They are not alone. Anywhere else, it's much the same. Many public relations firms measure the number of stories that run and potential readership or viewership of the communication. Social media is keen on the number of followers (and number of followers those follower have) and the frequency of shares and retweets. Entire "influence" scoring systems revolve around that number.
But is there a point when too much of a good thing becomes a bad thing?
Andrea Godfrey, assistant professor of marketing in the School of Business Administration at the University of California, Riverside, thinks so. She co-authored “Enough is Enough! The Fine Line in Executing Multichannel Relational Communication.” The study included almost 1,200 people over the course of three years, with most participants being exposed to communication over a three-month period.
What Godfrey and fellow researchers (Kathleen Seiders, an associate professor of marketing at Boston College, and Glenn B. Voss, an associate professor of marketing at Southern Methodist University) found was that multi-channel communication does not always yield the results marketers might anticipate. In fact, over communication can quickly lead to brand fatigue.
Specifically, the researchers used more intrusive methods of marketing — phone calls, emails and mailings — from an auto dealership to determine optimal effects of multi-channel communication. What they found was that people could only tolerate three phone calls, four emails, and ten mailings before suffering from brand fatigue and reacting toward the brand with a negative response.
Interestingly enough, when the researchers increased frequency in one channel, tolerance for more communication dropped among all channels. For example, when the number of phone calls is increased, the tolerance for email decreases. They also found when there is one mail contact, the ideal number of email contacts is approximately five, but the ideal number of email contacts drops to one when the number of the mail contacts is five.
“We probably need to rethink the idea that to have a strong relationship with customers we need to be communicating with them all the time,” said Godfrey.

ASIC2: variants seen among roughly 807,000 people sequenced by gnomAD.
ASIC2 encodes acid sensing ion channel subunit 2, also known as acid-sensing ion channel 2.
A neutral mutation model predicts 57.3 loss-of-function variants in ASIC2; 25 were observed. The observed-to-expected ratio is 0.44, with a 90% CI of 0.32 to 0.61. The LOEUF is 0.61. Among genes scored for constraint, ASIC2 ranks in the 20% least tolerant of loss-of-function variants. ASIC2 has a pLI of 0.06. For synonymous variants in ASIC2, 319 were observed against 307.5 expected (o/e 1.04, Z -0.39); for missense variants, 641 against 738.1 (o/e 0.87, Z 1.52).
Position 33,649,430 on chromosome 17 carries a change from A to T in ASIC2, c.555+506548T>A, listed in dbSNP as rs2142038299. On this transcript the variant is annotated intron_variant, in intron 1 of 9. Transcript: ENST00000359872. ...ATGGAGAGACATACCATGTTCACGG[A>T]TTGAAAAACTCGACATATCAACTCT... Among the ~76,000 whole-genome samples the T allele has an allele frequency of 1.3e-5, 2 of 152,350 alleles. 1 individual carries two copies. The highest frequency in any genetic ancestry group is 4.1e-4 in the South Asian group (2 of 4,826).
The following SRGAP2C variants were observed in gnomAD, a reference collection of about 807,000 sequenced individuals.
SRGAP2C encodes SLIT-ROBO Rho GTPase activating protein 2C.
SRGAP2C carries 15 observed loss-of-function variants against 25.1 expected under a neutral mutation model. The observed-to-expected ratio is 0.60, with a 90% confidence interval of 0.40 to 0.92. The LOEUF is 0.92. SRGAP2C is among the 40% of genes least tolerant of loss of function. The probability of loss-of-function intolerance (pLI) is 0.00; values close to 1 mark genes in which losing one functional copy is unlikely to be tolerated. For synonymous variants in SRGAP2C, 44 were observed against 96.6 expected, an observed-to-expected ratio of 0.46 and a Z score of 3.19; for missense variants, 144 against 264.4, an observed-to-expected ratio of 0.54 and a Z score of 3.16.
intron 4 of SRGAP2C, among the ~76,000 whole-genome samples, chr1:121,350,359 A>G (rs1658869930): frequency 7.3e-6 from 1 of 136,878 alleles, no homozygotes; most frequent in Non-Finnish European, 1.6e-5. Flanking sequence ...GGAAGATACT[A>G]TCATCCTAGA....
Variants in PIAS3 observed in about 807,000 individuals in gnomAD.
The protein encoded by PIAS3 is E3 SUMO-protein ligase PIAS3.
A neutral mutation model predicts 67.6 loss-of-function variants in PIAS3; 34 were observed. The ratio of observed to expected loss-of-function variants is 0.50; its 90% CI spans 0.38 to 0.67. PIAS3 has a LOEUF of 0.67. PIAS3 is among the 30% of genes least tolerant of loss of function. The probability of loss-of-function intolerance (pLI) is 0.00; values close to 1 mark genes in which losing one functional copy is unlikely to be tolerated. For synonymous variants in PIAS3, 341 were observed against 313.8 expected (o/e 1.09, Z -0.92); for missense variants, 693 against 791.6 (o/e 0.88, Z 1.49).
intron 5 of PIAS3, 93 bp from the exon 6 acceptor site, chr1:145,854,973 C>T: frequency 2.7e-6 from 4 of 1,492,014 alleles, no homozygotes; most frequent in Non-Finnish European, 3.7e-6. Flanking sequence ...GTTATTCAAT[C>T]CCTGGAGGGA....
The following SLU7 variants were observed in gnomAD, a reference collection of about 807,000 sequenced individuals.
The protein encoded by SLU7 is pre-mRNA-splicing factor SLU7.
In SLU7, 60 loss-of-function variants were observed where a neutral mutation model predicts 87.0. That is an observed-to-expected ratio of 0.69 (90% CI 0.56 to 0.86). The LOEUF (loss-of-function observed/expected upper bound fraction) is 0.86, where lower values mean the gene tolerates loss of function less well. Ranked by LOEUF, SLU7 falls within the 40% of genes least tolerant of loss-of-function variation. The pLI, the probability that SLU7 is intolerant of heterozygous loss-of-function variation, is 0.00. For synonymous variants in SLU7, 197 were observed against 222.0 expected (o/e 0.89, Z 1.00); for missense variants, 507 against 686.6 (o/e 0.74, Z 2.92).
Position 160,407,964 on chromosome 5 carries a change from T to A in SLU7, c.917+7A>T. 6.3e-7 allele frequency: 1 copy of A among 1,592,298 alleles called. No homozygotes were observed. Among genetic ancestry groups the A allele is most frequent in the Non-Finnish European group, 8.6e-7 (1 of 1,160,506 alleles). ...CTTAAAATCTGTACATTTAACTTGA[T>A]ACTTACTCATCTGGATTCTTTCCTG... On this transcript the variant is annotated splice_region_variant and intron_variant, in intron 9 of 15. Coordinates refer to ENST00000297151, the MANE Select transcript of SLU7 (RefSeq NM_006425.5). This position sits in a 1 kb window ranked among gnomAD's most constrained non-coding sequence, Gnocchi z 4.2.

The researchers attribute the increased tolerance toward direct mail as "junk mail" numbness as well as the general perception that junk mail is less intrusive than more interruptive communication channels. That probably isn't all there is to it. Direct mail generally is better crafted than phone calls and emails.
The quality of the message, suitability of the message, and sustainability of a message all play a role in the effectiveness of communication. Phone calls are generally the most interruptive and least well crafted. Email is somewhere in between.
Although phone calls, emails, and direct mail were the cornerstone of the research, marketers might want to consider the potential impact of other multi-channel communication, especially online. While brands — including individuals who have become quasi-brands in and of themselves — can benefit from having an online presence, too much communication from a single source can backfire.
With the addition of Google+ for example, I noted that more than one person has sworn off adding Chris Brogan, Robert Scoble, and few other active but less prominent voices on other social networks (I'm not one of them, yet). Collectively, you might call it A List fatigue, but there are plenty of louder B-list communicators that are being ignored too.
To help put it all in perspective, remember to take a break and see things from the consumer's point of view. As consumers, we quickly grow tired of television commercials that air with too much frequency during a single program (especially if they accidentally air back to back). We all grow weary of seeing the same automated messages spilling across every network, doubly so if it is shared by multiple people with different headlines (save hefty shares for substance). And, with more direct messaging, you can offer a "sale" only so many times in a week or ask people to "read" a post so many times in a day.